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Year : 2015  |  Volume : 15  |  Issue : 3  |  Page : 281-283

Alleviating speech and deglutition: Role of a prosthodontist in multidisciplinary management of velopharyngeal insufficiency

Department of Prosthodontics, Maulana Azad Institute of Dental Sciences, New Delhi, India

Date of Submission13-Mar-2015
Date of Acceptance13-Jun-2015
Date of Web Publication15-Sep-2015

Correspondence Address:
Aditi Nanda
Department of Prosthodontics, Maulana Azad Institute of Dental Sciences, Room No. 116, Bahadur Shah Zafar Road, New Delhi - 110 002
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Source of Support: None, Conflict of Interest: None

DOI: 10.4103/0972-4052.161573

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Surgical resection of soft palate due to cancer affects the effective functioning of the velopharyngeal mechanism (speech and deglutition). With the loss of speech intelligibility, hyper resonance in voice and impaired function of swallowing (due to nasal regurgitation), there is a depreciation in the quality of life of such an individual. In a multidisciplinary setup, the role of a prosthodontist has been described to rehabilitate such patients by fabrication of speech aid prosthesis. The design and method of fabrication of the prosthesis are simple and easy to perform. The use of prosthesis, together with training (of speech) by a speech pathologist resulted in improvement in speech. Furthermore, an improvement in swallowing had been noted, resulting in an improved nutritional intake and general well-being of an individual. The take-home message is that in the treatment of oral cancer, feasible, and rapid rehabilitation should be endeavored in order to make the patient socially more acceptable. The onus lies on the prosthodontist to practise the same in a rapid manner before the moral of the patient becomes low due to the associated stigma of cancer.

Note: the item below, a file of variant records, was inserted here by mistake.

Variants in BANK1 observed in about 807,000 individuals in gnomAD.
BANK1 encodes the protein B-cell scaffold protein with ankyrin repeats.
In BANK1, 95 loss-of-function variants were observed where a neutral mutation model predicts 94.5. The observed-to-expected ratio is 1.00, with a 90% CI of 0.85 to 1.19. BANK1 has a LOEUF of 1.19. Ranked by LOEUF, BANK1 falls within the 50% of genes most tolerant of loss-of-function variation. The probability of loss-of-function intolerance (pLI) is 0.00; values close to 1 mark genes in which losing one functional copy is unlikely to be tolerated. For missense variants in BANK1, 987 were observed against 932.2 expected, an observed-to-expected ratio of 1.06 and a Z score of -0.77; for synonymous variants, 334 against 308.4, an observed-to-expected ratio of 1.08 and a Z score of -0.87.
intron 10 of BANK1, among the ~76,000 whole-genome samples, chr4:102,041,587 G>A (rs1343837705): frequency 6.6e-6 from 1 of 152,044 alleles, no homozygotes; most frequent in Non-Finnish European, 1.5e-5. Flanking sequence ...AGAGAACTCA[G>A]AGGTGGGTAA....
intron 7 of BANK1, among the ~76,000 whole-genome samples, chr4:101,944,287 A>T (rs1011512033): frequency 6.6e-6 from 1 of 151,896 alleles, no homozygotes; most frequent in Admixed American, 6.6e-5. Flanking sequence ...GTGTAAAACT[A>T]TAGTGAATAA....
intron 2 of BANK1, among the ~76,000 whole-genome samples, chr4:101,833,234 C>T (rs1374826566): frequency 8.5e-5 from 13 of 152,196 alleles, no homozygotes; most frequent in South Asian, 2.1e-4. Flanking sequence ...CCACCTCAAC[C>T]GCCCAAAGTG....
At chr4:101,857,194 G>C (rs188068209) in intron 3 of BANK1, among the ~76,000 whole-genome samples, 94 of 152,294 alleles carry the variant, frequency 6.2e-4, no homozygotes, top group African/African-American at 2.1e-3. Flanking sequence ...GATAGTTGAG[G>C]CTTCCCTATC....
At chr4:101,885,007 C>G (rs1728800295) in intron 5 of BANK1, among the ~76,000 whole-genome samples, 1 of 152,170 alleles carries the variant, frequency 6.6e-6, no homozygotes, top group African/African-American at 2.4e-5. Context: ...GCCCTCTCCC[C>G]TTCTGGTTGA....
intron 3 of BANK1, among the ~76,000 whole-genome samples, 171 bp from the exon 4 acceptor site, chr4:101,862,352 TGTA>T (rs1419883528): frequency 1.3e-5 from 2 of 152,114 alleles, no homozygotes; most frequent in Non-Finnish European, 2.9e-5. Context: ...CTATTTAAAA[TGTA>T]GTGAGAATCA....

Keywords: Multidisciplinary, oncology, prosthodontist, speech aid, velopharyngeal defect

How to cite this article:
Nanda A, Koli D, Sharma S, Suryavanshi S, Verma M. Alleviating speech and deglutition: Role of a prosthodontist in multidisciplinary management of velopharyngeal insufficiency. J Indian Prosthodont Soc 2015;15:281-3

How to cite this URL:
Nanda A, Koli D, Sharma S, Suryavanshi S, Verma M. Alleviating speech and deglutition: Role of a prosthodontist in multidisciplinary management of velopharyngeal insufficiency. J Indian Prosthodont Soc [serial online] 2015 [cited 2021 Oct 23];15:281-3. Available from: https://www.j-ips.org/text.asp?2015/15/3/281/161573

  Introduction Top

Tumors of the palatopharyngeal region, (when treated by surgical resection), result in anatomic insufficiency that can reduce the quality of life of the afflicted. Though the life span of the individual increases with the surgical elimination of neoplastic tissue, if the rehabilitation is either not done or is delayed, it can depreciate the quality of life of the afflicted. An efficient coordination of the (head and neck) surgical and allied health care specialists (including the maxillofacial prosthodontist) in such a situation can help improve the health care service provided to such individuals. [1],[2]

The palatopharyngeal valve mechanism is primarily associated with regulation of speech and swallowing. Loss of integrity of this mechanism is associated with hypernasality (during speech) and inability to swallow (due to nasal regurgitation). It is the responsibility of the prosthodontist to re-establish the palatopharyngeal integrity in such cases, in order to enable the patient to perform acceptable speech and swallowing. [3]

The role of prosthodontists in rehabilitating a patient with palatopharyngeal insufficiency by speech aid prosthesis after a prompt referral from the surgical and allied health care departments (oncology, speech pathology, and nutrition) has been described. The design of the prosthesis and method to fabricate is simple and easy to apply.

  Case Report Top